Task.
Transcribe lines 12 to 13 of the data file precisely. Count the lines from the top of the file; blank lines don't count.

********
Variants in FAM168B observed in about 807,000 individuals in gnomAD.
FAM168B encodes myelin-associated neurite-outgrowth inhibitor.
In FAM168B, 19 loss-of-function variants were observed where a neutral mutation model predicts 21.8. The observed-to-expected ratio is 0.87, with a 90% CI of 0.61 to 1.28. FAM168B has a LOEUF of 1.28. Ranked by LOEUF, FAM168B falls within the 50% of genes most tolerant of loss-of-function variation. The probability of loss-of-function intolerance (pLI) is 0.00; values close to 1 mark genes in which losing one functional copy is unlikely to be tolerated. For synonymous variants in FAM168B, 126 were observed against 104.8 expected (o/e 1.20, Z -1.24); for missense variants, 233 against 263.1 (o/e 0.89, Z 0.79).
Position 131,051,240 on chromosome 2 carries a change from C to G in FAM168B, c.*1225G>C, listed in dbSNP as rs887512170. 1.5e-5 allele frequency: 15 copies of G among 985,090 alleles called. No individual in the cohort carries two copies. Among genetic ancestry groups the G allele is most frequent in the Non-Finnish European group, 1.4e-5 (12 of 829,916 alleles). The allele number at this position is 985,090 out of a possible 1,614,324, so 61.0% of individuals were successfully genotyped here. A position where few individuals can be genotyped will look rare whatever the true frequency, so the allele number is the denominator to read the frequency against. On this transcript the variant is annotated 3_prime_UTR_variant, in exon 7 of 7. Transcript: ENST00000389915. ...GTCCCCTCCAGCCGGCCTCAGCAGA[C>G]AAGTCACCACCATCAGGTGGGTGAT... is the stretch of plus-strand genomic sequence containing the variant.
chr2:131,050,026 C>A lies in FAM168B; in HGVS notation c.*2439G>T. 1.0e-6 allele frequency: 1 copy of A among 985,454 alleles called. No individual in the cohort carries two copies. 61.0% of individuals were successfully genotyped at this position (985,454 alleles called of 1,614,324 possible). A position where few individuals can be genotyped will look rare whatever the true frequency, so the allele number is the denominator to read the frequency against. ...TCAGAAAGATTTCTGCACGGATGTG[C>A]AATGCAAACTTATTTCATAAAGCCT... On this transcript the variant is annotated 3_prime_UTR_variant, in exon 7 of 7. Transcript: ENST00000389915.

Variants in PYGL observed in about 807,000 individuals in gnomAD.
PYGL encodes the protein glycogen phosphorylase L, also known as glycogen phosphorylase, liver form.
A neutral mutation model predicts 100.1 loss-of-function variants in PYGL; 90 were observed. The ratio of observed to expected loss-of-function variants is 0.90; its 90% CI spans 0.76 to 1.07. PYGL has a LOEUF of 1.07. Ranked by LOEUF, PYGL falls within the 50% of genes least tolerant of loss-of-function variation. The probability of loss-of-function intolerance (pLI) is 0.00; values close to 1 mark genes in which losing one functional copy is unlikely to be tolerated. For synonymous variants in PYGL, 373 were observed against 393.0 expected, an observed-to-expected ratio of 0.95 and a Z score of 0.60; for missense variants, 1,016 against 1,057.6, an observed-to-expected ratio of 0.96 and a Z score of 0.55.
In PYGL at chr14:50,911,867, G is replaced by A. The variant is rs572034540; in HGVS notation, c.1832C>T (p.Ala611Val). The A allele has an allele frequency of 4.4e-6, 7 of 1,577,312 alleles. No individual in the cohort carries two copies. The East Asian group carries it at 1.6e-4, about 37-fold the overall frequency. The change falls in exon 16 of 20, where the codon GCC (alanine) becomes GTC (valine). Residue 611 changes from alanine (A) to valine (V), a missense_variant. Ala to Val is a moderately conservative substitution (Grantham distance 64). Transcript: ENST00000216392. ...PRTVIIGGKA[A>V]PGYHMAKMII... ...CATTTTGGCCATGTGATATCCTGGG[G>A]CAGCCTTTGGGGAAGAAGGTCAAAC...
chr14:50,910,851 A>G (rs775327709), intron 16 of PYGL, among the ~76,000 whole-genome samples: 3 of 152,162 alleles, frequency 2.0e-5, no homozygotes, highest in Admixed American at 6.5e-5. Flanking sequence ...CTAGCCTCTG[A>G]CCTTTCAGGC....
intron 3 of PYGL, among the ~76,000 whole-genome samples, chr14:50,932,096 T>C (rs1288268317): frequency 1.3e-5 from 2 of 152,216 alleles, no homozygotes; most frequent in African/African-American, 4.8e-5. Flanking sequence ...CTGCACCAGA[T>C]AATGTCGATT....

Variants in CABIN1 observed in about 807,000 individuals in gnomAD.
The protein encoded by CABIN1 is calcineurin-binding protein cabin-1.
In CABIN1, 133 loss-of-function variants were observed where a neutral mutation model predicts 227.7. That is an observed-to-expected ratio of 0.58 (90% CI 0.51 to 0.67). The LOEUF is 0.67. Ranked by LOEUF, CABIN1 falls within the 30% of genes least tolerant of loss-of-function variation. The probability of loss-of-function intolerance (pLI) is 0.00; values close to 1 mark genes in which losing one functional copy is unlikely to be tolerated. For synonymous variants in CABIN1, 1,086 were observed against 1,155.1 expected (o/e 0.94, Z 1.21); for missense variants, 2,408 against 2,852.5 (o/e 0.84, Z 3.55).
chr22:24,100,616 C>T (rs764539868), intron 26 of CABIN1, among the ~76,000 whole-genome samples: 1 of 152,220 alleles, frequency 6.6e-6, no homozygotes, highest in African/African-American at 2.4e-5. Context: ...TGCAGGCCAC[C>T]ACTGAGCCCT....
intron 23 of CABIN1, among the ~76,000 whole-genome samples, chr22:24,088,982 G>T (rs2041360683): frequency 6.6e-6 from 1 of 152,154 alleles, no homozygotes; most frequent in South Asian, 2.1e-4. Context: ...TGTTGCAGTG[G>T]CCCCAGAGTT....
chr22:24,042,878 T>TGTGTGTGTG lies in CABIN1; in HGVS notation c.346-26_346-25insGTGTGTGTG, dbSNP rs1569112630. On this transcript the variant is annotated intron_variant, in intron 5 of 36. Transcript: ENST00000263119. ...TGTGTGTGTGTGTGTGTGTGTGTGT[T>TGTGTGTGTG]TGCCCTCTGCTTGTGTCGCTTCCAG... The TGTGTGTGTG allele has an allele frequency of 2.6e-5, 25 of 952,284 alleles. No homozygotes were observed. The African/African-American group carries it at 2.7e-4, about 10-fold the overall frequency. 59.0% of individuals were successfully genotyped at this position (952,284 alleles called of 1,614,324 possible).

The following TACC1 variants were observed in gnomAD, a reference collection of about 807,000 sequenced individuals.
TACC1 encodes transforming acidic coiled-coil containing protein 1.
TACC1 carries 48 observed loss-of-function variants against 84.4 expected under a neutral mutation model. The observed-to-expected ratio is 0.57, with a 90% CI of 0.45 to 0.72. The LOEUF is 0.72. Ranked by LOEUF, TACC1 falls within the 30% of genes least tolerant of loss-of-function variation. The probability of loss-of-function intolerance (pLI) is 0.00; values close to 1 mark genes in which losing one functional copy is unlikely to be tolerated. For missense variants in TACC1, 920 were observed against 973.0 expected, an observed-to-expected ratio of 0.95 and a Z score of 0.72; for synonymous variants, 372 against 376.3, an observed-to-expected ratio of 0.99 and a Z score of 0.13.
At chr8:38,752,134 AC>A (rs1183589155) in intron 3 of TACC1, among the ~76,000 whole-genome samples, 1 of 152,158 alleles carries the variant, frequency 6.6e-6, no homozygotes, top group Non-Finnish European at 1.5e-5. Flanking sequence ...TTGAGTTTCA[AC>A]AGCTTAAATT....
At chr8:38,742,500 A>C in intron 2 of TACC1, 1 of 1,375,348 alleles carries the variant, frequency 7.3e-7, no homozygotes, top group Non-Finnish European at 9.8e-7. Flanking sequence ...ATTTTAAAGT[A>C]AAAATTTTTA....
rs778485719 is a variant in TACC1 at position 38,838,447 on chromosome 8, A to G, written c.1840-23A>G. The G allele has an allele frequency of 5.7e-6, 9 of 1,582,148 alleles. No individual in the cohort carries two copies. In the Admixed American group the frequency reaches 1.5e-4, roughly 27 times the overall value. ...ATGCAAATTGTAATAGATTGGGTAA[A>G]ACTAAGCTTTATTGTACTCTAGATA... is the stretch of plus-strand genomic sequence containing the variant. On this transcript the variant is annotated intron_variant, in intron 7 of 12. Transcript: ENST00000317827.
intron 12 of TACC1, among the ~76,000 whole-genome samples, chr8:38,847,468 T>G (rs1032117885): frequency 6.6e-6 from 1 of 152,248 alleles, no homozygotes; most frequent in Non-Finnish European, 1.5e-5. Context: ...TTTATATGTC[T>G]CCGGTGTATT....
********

Variants in CABIN1 observed in about 807,000 individuals in gnomAD.
The protein encoded by CABIN1 is calcineurin-binding protein cabin-1.